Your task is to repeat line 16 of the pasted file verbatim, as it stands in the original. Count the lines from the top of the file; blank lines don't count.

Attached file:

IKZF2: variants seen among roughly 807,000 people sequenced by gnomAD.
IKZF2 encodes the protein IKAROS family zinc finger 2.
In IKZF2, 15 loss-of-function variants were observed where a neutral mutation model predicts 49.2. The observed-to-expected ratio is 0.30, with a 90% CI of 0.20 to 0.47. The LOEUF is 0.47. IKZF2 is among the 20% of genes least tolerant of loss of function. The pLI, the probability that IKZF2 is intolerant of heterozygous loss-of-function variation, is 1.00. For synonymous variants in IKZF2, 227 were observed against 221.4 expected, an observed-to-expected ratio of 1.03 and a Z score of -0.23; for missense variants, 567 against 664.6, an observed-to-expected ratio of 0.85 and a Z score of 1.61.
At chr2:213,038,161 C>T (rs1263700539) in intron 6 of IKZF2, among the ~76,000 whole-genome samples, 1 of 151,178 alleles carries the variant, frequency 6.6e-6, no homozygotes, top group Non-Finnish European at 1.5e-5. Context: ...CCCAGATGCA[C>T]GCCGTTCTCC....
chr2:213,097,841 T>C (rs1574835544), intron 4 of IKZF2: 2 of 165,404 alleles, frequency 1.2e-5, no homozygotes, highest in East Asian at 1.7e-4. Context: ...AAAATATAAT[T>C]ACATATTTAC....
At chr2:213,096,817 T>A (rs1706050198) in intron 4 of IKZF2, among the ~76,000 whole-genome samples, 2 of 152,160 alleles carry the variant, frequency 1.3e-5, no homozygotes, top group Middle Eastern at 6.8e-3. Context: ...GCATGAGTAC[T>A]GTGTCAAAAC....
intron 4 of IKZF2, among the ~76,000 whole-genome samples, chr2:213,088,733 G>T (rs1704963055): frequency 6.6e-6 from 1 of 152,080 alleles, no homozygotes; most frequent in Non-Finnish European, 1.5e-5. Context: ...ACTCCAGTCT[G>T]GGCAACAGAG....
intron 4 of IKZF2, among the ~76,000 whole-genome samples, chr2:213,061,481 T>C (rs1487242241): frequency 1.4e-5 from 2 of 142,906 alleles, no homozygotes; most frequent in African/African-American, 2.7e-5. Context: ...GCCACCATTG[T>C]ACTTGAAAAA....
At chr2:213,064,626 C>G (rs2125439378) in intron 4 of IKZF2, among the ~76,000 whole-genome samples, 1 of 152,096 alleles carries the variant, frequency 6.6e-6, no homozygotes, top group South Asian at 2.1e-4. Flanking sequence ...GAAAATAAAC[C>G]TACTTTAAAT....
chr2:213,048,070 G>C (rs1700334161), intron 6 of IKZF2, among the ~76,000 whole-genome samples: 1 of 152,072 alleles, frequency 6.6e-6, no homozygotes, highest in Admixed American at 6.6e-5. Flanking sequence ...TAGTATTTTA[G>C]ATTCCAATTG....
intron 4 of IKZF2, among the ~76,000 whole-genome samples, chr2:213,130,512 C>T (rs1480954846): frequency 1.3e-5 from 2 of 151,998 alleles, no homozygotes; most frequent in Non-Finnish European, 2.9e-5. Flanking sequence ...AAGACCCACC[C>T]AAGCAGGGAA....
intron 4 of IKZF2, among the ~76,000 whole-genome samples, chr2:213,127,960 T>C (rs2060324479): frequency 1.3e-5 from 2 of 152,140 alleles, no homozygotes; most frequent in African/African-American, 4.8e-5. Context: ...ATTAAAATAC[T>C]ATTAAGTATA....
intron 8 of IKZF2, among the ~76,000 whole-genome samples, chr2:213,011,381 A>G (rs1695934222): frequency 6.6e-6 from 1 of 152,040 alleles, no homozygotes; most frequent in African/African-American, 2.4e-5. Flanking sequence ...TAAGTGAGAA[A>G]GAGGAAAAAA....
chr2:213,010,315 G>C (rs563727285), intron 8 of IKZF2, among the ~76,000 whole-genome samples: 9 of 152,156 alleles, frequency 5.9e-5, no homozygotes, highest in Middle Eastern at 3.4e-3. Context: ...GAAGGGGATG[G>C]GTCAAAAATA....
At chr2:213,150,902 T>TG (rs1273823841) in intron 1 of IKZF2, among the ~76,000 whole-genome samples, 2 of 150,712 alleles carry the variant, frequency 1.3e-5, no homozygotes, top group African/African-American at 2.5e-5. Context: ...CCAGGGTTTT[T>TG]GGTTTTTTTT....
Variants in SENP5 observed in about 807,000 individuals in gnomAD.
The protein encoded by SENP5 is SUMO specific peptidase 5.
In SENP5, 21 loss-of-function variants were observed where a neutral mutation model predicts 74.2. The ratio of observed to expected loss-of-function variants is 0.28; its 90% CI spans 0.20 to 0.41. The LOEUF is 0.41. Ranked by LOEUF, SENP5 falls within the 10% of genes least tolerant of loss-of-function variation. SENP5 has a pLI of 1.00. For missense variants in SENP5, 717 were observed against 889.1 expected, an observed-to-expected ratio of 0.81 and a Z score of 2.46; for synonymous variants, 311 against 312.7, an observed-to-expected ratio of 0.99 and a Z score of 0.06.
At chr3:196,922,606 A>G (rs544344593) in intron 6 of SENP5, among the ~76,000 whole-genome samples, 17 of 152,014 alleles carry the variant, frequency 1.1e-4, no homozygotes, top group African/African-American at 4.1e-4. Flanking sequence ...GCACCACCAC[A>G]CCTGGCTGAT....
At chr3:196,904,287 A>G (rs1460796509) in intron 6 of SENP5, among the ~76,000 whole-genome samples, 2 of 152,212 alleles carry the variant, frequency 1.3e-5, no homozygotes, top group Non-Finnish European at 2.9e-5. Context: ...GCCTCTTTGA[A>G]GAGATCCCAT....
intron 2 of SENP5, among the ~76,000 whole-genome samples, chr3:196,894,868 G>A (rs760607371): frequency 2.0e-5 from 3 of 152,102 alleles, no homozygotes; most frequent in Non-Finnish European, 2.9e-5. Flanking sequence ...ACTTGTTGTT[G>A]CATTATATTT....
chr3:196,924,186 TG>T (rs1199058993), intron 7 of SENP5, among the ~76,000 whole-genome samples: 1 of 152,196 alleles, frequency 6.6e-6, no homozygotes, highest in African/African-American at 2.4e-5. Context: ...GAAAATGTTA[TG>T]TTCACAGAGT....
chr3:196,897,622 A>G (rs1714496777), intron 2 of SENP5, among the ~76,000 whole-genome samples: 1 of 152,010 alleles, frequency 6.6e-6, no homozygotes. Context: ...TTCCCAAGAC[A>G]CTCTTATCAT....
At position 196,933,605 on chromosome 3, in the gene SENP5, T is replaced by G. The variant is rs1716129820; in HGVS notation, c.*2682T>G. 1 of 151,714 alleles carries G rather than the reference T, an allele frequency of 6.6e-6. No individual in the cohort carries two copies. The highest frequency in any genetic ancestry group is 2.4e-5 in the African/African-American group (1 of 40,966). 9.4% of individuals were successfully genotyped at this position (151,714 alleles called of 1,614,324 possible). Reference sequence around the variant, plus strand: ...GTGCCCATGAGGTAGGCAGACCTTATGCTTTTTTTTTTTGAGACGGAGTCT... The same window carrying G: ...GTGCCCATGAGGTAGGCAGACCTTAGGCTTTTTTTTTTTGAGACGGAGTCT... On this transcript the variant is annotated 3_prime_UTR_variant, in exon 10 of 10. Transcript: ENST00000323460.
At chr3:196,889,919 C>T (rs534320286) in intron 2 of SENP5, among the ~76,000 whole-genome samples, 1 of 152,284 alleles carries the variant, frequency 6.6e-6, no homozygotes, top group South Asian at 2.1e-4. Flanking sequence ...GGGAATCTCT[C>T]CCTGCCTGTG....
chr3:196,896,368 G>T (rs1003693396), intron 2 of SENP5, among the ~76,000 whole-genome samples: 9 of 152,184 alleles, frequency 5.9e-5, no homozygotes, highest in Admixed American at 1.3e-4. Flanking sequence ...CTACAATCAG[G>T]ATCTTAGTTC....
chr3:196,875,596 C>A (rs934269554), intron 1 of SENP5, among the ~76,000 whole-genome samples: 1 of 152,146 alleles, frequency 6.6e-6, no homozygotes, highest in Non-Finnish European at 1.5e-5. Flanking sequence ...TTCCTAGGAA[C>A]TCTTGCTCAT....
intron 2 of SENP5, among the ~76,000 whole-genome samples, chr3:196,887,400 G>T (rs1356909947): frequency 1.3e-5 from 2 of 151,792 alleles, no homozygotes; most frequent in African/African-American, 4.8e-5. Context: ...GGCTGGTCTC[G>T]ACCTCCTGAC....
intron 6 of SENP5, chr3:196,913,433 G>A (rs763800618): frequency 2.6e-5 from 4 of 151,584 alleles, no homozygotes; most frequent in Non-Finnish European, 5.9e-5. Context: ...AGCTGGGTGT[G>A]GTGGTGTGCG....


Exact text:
Variants in SENP5 observed in about 807,000 individuals in gnomAD.